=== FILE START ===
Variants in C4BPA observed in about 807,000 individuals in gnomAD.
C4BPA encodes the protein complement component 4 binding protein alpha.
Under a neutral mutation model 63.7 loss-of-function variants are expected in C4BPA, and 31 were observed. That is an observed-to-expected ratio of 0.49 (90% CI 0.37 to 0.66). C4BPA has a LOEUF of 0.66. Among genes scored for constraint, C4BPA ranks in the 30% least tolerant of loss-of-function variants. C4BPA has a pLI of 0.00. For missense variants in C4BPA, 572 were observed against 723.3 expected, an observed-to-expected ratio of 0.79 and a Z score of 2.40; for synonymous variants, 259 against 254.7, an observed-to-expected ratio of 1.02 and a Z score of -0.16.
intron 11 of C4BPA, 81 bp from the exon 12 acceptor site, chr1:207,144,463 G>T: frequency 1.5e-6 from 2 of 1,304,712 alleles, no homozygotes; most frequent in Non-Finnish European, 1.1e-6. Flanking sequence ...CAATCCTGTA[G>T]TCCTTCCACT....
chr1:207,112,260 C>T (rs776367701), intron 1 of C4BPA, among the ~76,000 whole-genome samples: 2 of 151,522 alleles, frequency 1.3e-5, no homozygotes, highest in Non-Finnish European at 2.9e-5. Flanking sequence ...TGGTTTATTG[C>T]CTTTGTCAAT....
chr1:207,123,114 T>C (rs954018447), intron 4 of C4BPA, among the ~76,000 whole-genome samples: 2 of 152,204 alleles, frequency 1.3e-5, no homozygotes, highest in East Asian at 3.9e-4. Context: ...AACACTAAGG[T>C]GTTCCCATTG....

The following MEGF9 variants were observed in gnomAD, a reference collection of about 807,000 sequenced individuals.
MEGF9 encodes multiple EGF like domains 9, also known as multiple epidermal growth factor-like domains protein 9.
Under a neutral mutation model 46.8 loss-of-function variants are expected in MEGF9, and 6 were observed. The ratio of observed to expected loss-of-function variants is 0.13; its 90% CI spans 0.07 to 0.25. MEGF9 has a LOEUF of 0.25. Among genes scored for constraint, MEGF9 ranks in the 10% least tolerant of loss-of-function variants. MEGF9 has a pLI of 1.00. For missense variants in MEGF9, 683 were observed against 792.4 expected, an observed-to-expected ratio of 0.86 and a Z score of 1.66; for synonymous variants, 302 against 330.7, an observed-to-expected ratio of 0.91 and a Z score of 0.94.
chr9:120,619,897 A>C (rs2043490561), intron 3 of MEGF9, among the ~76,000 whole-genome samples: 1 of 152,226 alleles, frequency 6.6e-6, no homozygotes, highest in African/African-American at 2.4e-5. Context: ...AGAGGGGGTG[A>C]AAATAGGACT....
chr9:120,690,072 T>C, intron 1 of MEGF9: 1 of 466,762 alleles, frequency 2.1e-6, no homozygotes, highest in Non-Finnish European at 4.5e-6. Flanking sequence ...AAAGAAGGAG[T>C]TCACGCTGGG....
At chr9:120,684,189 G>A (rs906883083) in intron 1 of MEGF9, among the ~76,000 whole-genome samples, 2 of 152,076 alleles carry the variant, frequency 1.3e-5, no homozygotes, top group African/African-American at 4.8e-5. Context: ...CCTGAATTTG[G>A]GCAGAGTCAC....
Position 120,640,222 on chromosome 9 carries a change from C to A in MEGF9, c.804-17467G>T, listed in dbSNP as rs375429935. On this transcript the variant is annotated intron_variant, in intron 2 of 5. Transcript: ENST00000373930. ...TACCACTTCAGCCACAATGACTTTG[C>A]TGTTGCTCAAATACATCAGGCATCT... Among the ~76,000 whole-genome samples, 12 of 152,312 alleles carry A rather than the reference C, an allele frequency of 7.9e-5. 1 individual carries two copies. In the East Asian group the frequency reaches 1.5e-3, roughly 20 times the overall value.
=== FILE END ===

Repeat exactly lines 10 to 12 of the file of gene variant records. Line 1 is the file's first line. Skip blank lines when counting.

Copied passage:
chr9:120,619,897 A>C (rs2043490561), intron 3 of MEGF9, among the ~76,000 whole-genome samples: 1 of 152,226 alleles, frequency 6.6e-6, no homozygotes, highest in African/African-American at 2.4e-5. Context: ...AGAGGGGGTG[A>C]AAATAGGACT....
chr9:120,690,072 T>C, intron 1 of MEGF9: 1 of 466,762 alleles, frequency 2.1e-6, no homozygotes, highest in Non-Finnish European at 4.5e-6. Flanking sequence ...AAAGAAGGAG[T>C]TCACGCTGGG....
At chr9:120,684,189 G>A (rs906883083) in intron 1 of MEGF9, among the ~76,000 whole-genome samples, 2 of 152,076 alleles carry the variant, frequency 1.3e-5, no homozygotes, top group African/African-American at 4.8e-5. Context: ...CCTGAATTTG[G>A]GCAGAGTCAC....